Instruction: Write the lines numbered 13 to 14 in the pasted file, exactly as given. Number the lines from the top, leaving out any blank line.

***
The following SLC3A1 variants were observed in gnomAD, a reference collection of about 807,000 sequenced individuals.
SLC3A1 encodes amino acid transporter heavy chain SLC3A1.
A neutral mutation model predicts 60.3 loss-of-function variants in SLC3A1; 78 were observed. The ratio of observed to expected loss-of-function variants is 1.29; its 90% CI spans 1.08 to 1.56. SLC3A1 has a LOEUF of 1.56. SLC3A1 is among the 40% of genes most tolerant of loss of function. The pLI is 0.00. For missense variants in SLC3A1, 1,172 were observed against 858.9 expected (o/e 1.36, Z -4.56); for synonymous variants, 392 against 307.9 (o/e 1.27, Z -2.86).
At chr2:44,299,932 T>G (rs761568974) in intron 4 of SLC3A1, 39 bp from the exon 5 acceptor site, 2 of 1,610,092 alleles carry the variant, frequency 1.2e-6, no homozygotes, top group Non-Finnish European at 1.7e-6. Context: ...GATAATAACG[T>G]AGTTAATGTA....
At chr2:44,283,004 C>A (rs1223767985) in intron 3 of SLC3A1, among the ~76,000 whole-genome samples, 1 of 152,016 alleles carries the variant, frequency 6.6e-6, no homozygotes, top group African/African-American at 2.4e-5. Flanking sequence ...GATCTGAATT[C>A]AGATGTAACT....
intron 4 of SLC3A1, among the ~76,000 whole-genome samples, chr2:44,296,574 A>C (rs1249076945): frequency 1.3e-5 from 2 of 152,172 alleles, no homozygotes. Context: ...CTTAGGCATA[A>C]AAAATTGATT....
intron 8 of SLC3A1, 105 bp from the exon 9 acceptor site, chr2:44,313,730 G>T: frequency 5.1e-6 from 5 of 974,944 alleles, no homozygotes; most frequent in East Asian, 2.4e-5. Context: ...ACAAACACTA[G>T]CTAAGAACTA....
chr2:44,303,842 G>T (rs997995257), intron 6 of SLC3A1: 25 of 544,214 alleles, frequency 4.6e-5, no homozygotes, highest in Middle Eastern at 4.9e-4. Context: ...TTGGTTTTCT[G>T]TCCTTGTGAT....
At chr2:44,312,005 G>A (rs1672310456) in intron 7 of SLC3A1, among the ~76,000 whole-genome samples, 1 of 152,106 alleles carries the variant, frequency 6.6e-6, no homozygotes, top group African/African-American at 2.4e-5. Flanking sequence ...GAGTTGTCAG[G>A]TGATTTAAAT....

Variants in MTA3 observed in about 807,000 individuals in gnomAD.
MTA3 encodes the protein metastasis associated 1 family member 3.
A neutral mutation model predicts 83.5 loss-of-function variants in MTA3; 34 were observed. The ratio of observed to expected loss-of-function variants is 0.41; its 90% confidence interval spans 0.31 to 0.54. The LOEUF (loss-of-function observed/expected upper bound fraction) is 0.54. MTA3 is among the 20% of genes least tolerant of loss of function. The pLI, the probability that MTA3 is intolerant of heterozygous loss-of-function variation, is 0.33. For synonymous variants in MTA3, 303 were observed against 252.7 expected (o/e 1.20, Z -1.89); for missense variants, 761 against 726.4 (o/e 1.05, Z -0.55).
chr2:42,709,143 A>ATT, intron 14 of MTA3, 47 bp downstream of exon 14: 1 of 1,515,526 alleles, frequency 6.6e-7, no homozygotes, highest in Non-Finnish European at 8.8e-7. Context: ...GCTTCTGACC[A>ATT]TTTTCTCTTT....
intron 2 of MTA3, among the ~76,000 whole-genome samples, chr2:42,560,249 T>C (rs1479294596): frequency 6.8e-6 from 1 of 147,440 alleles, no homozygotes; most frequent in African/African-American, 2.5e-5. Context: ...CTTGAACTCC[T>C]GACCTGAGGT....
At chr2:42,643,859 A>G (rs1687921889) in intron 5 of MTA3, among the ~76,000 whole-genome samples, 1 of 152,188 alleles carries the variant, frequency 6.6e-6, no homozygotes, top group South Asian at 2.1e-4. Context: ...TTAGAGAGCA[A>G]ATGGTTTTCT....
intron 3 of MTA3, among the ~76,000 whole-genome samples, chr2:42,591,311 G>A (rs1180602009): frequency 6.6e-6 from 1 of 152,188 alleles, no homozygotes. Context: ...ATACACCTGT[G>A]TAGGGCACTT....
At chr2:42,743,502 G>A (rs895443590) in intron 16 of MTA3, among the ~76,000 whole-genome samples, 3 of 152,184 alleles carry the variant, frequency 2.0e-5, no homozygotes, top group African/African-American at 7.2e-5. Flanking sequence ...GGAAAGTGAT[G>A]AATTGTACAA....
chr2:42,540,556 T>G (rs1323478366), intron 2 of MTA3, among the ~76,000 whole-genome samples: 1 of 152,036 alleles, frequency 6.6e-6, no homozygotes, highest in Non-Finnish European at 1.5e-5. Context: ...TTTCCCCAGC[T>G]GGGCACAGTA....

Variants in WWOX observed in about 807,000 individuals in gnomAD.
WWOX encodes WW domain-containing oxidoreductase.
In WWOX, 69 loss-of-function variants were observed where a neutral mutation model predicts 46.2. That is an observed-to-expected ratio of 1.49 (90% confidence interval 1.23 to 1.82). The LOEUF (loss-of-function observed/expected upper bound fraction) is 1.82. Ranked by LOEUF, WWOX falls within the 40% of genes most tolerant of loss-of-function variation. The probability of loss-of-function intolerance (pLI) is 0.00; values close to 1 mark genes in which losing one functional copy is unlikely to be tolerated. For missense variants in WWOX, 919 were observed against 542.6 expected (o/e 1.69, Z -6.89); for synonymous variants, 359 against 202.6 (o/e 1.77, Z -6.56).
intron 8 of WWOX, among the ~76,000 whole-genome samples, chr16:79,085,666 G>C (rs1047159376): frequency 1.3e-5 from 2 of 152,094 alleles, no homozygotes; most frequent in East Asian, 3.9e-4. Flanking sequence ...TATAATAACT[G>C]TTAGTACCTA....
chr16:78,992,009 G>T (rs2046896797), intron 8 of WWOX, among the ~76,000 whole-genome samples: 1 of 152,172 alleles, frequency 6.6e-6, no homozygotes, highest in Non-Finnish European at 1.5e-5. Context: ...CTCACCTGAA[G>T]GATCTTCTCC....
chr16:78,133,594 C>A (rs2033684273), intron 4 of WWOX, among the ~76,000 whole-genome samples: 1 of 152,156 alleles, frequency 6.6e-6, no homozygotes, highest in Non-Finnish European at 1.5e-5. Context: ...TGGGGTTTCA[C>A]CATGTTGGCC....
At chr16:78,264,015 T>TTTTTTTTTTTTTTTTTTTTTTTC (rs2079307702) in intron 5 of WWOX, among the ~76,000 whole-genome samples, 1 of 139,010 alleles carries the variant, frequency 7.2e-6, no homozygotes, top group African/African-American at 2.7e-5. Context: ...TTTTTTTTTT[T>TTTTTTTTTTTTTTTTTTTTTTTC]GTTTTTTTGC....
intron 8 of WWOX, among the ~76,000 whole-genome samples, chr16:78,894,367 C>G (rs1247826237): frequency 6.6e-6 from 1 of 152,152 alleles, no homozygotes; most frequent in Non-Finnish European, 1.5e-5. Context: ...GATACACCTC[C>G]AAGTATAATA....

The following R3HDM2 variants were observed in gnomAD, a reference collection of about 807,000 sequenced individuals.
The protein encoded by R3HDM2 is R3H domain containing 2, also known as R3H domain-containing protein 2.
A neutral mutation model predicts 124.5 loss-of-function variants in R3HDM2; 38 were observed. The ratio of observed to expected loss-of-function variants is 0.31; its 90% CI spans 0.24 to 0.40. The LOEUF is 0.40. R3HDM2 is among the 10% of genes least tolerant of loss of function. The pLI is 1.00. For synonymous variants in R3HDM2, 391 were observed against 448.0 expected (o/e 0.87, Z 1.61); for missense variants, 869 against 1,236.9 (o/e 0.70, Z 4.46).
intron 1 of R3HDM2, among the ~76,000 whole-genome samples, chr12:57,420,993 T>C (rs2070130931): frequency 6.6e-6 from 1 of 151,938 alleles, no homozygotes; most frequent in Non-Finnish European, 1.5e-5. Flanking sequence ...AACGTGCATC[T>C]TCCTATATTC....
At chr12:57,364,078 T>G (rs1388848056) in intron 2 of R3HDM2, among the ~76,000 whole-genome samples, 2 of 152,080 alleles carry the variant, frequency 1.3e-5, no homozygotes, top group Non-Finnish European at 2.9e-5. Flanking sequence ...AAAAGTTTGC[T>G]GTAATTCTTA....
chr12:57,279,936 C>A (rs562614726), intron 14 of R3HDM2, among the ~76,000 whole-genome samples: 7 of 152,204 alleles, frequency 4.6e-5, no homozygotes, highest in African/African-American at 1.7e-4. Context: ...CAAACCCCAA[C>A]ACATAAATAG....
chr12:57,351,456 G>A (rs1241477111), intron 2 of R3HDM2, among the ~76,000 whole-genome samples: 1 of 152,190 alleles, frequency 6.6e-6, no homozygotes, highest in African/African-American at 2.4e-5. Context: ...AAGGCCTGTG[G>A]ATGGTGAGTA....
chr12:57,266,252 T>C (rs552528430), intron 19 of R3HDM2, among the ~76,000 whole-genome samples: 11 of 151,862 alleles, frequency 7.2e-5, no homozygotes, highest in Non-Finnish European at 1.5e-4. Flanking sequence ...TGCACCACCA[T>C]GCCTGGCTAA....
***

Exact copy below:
chr2:42,709,143 A>ATT, intron 14 of MTA3, 47 bp downstream of exon 14: 1 of 1,515,526 alleles, frequency 6.6e-7, no homozygotes, highest in Non-Finnish European at 8.8e-7. Context: ...GCTTCTGACC[A>ATT]TTTTCTCTTT....
intron 2 of MTA3, among the ~76,000 whole-genome samples, chr2:42,560,249 T>C (rs1479294596): frequency 6.8e-6 from 1 of 147,440 alleles, no homozygotes; most frequent in African/African-American, 2.5e-5. Context: ...CTTGAACTCC[T>C]GACCTGAGGT....